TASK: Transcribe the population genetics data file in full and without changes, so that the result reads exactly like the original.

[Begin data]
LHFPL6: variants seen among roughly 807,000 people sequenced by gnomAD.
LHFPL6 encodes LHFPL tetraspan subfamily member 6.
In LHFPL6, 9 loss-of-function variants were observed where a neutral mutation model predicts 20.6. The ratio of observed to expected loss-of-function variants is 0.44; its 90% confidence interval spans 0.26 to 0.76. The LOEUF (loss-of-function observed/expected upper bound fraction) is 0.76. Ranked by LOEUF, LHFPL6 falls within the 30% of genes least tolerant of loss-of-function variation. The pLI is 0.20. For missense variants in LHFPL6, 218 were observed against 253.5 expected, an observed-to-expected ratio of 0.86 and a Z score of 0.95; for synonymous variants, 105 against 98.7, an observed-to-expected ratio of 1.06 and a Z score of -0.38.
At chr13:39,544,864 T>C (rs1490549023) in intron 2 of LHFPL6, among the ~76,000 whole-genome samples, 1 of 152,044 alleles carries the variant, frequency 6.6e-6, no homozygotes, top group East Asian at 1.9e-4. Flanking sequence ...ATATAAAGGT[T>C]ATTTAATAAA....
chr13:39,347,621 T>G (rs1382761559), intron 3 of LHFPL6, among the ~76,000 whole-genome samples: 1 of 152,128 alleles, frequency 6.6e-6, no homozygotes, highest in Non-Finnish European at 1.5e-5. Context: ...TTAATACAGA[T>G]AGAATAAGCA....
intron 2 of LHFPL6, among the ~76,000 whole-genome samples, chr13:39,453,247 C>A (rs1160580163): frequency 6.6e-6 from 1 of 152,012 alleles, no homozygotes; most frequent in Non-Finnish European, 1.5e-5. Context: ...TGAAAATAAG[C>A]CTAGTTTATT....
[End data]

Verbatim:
LHFPL6: variants seen among roughly 807,000 people sequenced by gnomAD.
LHFPL6 encodes LHFPL tetraspan subfamily member 6.
In LHFPL6, 9 loss-of-function variants were observed where a neutral mutation model predicts 20.6. The ratio of observed to expected loss-of-function variants is 0.44; its 90% confidence interval spans 0.26 to 0.76. The LOEUF (loss-of-function observed/expected upper bound fraction) is 0.76. Ranked by LOEUF, LHFPL6 falls within the 30% of genes least tolerant of loss-of-function variation. The pLI is 0.20. For missense variants in LHFPL6, 218 were observed against 253.5 expected, an observed-to-expected ratio of 0.86 and a Z score of 0.95; for synonymous variants, 105 against 98.7, an observed-to-expected ratio of 1.06 and a Z score of -0.38.
At chr13:39,544,864 T>C (rs1490549023) in intron 2 of LHFPL6, among the ~76,000 whole-genome samples, 1 of 152,044 alleles carries the variant, frequency 6.6e-6, no homozygotes, top group East Asian at 1.9e-4. Flanking sequence ...ATATAAAGGT[T>C]ATTTAATAAA....
chr13:39,347,621 T>G (rs1382761559), intron 3 of LHFPL6, among the ~76,000 whole-genome samples: 1 of 152,128 alleles, frequency 6.6e-6, no homozygotes, highest in Non-Finnish European at 1.5e-5. Context: ...TTAATACAGA[T>G]AGAATAAGCA....
intron 2 of LHFPL6, among the ~76,000 whole-genome samples, chr13:39,453,247 C>A (rs1160580163): frequency 6.6e-6 from 1 of 152,012 alleles, no homozygotes; most frequent in Non-Finnish European, 1.5e-5. Context: ...TGAAAATAAG[C>A]CTAGTTTATT....